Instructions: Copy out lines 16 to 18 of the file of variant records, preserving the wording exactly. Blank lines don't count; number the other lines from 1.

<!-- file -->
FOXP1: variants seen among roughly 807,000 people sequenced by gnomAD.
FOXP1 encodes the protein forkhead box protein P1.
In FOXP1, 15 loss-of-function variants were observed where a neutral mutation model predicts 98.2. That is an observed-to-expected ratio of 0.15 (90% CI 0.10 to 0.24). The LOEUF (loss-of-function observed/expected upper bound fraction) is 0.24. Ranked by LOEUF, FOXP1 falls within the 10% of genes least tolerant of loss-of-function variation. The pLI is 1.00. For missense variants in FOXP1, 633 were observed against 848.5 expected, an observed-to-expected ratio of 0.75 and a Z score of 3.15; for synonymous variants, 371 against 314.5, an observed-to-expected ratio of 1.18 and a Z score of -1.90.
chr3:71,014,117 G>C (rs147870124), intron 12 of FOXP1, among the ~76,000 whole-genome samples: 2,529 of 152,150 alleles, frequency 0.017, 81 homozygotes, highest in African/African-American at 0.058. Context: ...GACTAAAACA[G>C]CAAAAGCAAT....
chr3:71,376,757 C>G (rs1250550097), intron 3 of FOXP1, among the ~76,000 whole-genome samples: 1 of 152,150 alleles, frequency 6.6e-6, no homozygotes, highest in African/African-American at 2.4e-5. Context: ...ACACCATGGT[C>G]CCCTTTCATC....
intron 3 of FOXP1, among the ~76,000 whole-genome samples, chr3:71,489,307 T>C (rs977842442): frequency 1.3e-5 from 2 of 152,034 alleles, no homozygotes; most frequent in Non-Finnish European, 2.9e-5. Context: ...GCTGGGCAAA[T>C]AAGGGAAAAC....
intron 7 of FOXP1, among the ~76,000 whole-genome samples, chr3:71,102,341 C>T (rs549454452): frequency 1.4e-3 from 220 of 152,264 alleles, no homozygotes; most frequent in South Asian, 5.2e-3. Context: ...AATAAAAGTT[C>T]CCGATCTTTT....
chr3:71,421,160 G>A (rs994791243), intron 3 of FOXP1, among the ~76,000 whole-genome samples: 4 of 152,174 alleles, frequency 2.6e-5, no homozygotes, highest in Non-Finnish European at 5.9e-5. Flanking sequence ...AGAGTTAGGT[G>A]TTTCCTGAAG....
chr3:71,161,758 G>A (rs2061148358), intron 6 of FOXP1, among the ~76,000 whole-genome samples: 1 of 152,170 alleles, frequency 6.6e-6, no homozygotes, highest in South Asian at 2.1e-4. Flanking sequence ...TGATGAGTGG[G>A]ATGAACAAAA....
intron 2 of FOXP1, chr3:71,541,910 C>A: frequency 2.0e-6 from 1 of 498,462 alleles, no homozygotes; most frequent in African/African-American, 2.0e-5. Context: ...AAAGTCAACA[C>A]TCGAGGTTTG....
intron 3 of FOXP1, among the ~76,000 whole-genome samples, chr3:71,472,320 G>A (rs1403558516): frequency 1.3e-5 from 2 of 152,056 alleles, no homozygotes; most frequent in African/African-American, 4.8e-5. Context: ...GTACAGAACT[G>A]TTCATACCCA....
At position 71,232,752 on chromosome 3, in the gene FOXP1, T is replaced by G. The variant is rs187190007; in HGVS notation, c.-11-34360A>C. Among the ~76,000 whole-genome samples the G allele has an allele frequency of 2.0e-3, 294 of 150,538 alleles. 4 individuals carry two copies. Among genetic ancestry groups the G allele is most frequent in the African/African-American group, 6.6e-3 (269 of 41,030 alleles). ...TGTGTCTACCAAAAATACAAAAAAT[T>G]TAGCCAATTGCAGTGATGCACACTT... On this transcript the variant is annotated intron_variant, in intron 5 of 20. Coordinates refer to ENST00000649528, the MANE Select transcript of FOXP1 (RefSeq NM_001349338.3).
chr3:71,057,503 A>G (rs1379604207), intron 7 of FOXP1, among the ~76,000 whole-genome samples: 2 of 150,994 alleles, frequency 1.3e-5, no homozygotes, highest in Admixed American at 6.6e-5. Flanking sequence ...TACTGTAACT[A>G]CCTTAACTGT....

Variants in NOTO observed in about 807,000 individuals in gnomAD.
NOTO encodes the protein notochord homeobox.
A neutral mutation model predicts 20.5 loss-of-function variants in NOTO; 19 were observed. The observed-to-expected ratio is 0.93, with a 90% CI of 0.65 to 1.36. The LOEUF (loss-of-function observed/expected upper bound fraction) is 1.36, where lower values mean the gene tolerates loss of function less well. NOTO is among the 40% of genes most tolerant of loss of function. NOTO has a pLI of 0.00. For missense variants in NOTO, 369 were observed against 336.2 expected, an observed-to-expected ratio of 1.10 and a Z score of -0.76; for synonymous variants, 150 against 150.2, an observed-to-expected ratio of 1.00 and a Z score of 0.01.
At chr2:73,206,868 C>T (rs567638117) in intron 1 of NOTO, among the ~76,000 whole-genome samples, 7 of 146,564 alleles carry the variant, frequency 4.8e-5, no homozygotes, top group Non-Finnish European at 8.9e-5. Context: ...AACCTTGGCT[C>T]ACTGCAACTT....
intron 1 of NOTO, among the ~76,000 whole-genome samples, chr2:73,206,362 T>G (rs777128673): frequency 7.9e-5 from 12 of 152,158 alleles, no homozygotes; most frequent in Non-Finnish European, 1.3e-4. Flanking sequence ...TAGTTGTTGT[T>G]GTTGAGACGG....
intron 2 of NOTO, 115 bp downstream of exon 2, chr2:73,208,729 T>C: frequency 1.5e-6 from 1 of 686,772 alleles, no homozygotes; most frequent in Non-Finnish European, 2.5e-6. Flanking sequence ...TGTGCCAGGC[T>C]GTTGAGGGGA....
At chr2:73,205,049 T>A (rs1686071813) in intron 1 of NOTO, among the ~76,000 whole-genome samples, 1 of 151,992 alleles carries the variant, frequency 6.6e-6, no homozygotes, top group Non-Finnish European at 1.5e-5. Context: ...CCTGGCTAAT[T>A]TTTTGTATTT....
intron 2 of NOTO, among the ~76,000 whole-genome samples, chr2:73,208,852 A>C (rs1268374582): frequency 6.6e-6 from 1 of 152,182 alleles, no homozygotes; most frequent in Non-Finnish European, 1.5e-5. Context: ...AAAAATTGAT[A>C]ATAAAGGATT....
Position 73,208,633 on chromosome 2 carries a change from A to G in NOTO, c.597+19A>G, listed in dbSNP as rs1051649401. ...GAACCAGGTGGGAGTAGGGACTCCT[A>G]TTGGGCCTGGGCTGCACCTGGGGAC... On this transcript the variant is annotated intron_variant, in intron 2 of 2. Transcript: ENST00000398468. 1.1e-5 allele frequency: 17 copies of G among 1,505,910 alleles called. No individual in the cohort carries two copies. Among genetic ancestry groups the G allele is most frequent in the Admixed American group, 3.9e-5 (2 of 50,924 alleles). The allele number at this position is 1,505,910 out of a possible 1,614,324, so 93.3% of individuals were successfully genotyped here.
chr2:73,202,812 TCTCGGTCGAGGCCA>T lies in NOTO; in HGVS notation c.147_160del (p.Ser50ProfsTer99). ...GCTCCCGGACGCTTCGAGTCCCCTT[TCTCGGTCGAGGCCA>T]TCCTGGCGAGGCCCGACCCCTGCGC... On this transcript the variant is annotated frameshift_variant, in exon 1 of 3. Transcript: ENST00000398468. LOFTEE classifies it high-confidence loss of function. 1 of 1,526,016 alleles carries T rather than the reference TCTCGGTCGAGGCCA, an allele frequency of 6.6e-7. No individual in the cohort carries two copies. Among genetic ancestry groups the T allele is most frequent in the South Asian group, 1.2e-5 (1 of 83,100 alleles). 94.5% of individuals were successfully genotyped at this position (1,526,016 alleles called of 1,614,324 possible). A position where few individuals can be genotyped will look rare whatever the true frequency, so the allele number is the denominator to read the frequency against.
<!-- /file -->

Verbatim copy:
A neutral mutation model predicts 20.5 loss-of-function variants in NOTO; 19 were observed. The observed-to-expected ratio is 0.93, with a 90% CI of 0.65 to 1.36. The LOEUF (loss-of-function observed/expected upper bound fraction) is 1.36, where lower values mean the gene tolerates loss of function less well. NOTO is among the 40% of genes most tolerant of loss of function. NOTO has a pLI of 0.00. For missense variants in NOTO, 369 were observed against 336.2 expected, an observed-to-expected ratio of 1.10 and a Z score of -0.76; for synonymous variants, 150 against 150.2, an observed-to-expected ratio of 1.00 and a Z score of 0.01.
At chr2:73,206,868 C>T (rs567638117) in intron 1 of NOTO, among the ~76,000 whole-genome samples, 7 of 146,564 alleles carry the variant, frequency 4.8e-5, no homozygotes, top group Non-Finnish European at 8.9e-5. Context: ...AACCTTGGCT[C>T]ACTGCAACTT....
intron 1 of NOTO, among the ~76,000 whole-genome samples, chr2:73,206,362 T>G (rs777128673): frequency 7.9e-5 from 12 of 152,158 alleles, no homozygotes; most frequent in Non-Finnish European, 1.3e-4. Flanking sequence ...TAGTTGTTGT[T>G]GTTGAGACGG....